We’re very proud to fund women in science, and support amazing female researchers. This International Women’s Day, we’re celebrating some of them. Read on to find out more about their incredible work.
Professor Hannie Kremer
Professor Hannie Kremer at the Radboud University Medical Center, Netherlands, is developing a gene therapy to prevent hearing loss in people with an inherited form of deafness, which causes them to start to lose their hearing as young adults.
Professor Karen Steel
Professor Karen Steel at The Wolfson Centre, School of Neuroscience at King’s College London is investigating whether it’s possible to reverse hearing loss caused by mutations in a gene linked to hearing loss. This will provide crucial information to help develop gene therapies to restore hearing.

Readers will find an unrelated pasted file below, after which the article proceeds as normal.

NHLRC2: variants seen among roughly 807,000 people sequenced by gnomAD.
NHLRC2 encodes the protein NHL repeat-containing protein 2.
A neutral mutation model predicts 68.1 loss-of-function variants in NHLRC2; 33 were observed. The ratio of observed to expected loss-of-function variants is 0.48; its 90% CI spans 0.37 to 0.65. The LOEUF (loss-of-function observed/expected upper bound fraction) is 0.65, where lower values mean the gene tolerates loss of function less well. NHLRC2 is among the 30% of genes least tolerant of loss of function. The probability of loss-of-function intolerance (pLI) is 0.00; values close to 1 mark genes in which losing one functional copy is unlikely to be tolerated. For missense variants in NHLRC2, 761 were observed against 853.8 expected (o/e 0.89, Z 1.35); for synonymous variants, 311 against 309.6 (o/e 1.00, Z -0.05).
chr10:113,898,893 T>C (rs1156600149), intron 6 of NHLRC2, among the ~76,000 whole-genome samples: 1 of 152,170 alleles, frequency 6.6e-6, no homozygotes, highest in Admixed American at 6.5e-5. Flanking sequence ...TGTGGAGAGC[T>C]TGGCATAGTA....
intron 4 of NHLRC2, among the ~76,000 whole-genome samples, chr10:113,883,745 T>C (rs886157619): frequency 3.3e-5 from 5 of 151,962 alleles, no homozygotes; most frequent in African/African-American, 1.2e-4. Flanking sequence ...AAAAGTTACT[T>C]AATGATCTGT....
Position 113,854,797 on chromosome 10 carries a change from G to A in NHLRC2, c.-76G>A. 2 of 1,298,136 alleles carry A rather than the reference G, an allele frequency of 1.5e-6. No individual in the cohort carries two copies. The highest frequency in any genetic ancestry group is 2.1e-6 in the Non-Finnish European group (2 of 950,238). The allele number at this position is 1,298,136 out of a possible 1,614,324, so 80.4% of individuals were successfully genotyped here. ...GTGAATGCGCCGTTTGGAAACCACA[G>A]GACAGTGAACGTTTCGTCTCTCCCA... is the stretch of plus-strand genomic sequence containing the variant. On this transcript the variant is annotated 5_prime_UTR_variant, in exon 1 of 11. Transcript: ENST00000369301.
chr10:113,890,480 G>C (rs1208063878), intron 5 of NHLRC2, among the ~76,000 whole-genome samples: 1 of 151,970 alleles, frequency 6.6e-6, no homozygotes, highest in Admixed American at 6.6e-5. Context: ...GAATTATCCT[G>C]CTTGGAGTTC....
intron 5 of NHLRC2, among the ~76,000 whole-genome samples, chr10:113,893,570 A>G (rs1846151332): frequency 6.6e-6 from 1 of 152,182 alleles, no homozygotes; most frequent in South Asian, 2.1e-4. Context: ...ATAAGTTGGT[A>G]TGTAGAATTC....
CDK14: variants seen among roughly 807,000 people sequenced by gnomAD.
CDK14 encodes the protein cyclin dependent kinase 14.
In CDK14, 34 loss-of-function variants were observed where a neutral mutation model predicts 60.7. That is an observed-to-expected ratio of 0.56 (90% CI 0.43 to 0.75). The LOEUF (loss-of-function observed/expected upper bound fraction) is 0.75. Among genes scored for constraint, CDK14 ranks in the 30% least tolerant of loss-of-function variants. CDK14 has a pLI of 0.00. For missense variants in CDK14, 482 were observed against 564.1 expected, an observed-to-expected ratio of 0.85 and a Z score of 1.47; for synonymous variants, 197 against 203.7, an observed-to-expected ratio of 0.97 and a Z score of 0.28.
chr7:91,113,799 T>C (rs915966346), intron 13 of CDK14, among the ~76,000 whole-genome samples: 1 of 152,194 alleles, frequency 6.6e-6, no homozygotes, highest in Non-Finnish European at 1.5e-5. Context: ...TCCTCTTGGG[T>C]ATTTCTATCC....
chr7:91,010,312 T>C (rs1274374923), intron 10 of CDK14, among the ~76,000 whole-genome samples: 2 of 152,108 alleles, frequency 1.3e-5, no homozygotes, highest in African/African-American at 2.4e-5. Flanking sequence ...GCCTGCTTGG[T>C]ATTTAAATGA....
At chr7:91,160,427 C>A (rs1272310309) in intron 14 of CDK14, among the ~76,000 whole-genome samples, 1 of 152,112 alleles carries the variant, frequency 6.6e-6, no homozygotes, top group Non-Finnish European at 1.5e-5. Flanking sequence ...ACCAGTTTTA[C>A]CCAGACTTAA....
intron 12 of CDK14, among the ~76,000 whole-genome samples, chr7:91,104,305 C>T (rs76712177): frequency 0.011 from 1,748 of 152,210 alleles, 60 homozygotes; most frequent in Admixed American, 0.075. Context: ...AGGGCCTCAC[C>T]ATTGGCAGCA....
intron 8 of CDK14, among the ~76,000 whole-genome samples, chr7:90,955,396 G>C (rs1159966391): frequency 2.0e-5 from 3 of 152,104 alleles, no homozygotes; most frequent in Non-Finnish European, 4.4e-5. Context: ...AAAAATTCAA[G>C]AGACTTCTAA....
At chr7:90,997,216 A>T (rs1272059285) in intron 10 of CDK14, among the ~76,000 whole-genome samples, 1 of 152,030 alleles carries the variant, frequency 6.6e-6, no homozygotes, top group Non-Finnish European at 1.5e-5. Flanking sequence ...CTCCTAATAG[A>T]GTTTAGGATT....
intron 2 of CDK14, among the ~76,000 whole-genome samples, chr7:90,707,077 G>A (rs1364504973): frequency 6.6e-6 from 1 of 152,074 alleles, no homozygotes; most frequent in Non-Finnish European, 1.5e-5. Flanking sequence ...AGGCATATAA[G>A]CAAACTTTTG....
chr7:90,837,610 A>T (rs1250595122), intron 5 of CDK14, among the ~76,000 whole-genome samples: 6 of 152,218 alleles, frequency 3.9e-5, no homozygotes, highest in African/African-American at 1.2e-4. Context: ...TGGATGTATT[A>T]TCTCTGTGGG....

Dr Jing-Yi Jeng
Dr Jing-Yi Jeng is one of our Fellows at the Sheffield Hearing Group, Sheffield University. She’s studying the role of a gene linked to age-related hearing loss in the hair cells of the inner ear. We’re funding her Fellowship with the Dunhill Medical Trust.
Dr Magdalena Zak
Dr Magdalena Zak is one of our Fellows at the UCL Ear Institute. She’s trying to improve how we grow cochlear hair cells in the lab. If successful, this will make it easier to study hearing loss and develop new treatments. We’re funding her Fellowship with the Dunhill Medical Trust.
Sarah Hool is one of our PhD Students at the Sheffield Hearing Group, Sheffield University. She’s studying supporting cells in the inner ear, looking at their role in age-related hearing loss.
Professor Laura Hurley
Professor Laura Hurley at Indiana University, USA, is studying the impact of hearing loss and social isolation on the hearing brain, focussing on the brain signalling chemical serotonin. This could lead to treatments that target the hearing brain to treat hearing loss.
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